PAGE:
Long story short, the Turks lost miserably after they won St Elmo.  Over the course of the Summer they made great advances on Senglea and Birgu, nearly capturing all and winning a few times, but each time something made them turn back (including a very small raiding party on their camp, which made the entire army turn around, fearing it was a force sent from Spain, and not a few hundred men from the center of the island).
The Turks were destroyed and sent home with their tale between their legs.  Suleiman was humiliated and Christian Europe, even the Protestant Queen Elizabeth I, praised the knights and the Maltese for their work.  Eventually the peninsula on which For St Elmo stood was to become the home of the knights and named Valletta, after the Grand Master who oversaw the defeat of the Turks, Jean Parisot de la Vallette. 

Ok, more history later, but now on to what Tom and I did.  We went for lunch and found a restaurant recommended to me by a Maltese customer who came into the shop of few months before: Luciano’s.  It was conveniently located next to St John’s Co-Cathedral.  After lunch I successfully dragged Tom into the cathedral.

The cathedral.

It is a Co-Cathedral because the main cathedral of Malta is in Mdina, but St John’s in Valletta is so important that it was elevated to the status of Co-Cathedral by the pope.  It is a Baroque masterpiece.

Tomb Stone of one of the orders of The Knights of St John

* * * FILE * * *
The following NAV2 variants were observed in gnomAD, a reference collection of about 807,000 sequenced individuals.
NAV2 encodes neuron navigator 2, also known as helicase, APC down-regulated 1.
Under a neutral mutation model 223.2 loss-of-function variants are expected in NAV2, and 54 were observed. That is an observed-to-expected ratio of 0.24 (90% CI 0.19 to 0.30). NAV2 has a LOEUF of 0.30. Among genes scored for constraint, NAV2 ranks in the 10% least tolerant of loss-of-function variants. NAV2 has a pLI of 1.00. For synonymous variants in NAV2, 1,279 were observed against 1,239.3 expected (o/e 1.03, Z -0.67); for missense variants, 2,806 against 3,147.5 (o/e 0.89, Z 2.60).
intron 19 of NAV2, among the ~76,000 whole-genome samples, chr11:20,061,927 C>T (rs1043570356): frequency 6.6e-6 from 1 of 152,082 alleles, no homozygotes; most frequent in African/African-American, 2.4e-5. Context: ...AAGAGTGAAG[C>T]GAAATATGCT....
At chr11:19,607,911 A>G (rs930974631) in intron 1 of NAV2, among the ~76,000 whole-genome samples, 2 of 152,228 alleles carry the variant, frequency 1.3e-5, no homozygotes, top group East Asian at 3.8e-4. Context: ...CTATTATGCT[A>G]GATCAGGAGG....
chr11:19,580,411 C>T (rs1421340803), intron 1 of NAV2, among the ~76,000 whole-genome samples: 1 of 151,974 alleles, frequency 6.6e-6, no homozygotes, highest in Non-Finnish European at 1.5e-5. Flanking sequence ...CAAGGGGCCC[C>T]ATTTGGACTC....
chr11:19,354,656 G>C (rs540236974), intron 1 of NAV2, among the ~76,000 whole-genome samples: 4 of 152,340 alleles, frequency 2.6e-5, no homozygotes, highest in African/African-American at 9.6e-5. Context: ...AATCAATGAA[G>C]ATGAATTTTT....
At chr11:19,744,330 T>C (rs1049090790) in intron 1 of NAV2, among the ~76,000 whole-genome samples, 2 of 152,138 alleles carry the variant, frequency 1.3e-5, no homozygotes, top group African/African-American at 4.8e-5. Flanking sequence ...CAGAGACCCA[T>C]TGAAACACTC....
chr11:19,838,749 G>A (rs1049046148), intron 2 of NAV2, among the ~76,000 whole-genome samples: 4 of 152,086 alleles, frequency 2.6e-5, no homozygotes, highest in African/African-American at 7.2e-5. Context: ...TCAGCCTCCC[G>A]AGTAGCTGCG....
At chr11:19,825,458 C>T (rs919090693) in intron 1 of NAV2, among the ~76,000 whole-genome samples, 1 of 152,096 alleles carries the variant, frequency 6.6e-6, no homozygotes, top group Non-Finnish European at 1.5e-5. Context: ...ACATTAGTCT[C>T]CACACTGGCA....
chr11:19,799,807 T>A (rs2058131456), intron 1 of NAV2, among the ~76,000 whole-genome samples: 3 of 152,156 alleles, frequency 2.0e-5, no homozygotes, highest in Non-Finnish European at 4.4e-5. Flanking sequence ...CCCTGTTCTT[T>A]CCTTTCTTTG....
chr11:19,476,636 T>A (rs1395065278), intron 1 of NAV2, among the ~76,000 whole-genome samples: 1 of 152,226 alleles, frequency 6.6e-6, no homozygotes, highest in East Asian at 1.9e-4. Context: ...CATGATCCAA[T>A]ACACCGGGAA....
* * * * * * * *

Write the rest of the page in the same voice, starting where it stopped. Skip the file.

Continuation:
Screen at a confessional.

One of the altars in the cathedral.  The lighted area under the altar holds en entire corpse of a saint or a  martyr.

The high altar.

Another tombtone.

Tom is engrossed in the audioguide.

We did not know what to do next so we just walked through the narrow streets, eventually finding a terraced restaurant near the Saluting Battery (more on that later) that looked across Grand Harbour to Birgu (also called Vittoriosa, or The Victorious City).  The rest of the day was really relaxed.  We just walked around Valletta (which is tiny), ate dinner and drank the local beer, Cisk (pronounced CHI-sk).

Grand Harbour.

I may be in the stocks, but I still want my beer.

Tom pointed out that I never know what to do with my hands in pictures.

Tom attempts to hide, disguised as a local.

They are hard to see, but there were two pigeons attempting to flirt in the middle of this picture.

You can see Birgu (left) and Senglea (right) on Grand Harbour,across from the Saluting Battery.  

How we pose.

A more accurate representation of our relationship.

Upper Barraka Gardens, above the Saluting Battery.

Tom was thrown in the stocks as well.

Day Two

The next day we went to the Palace of the Grand Master, which now serves as the houses of parliament and the palace of the President of Malta.  It was nice, but there was absolutely nothing describing what it was we were looking at, so it was hard to appreciate.  The Armoury was interesting, especially the collection of arms and armour taken from the Turks as they fled the island.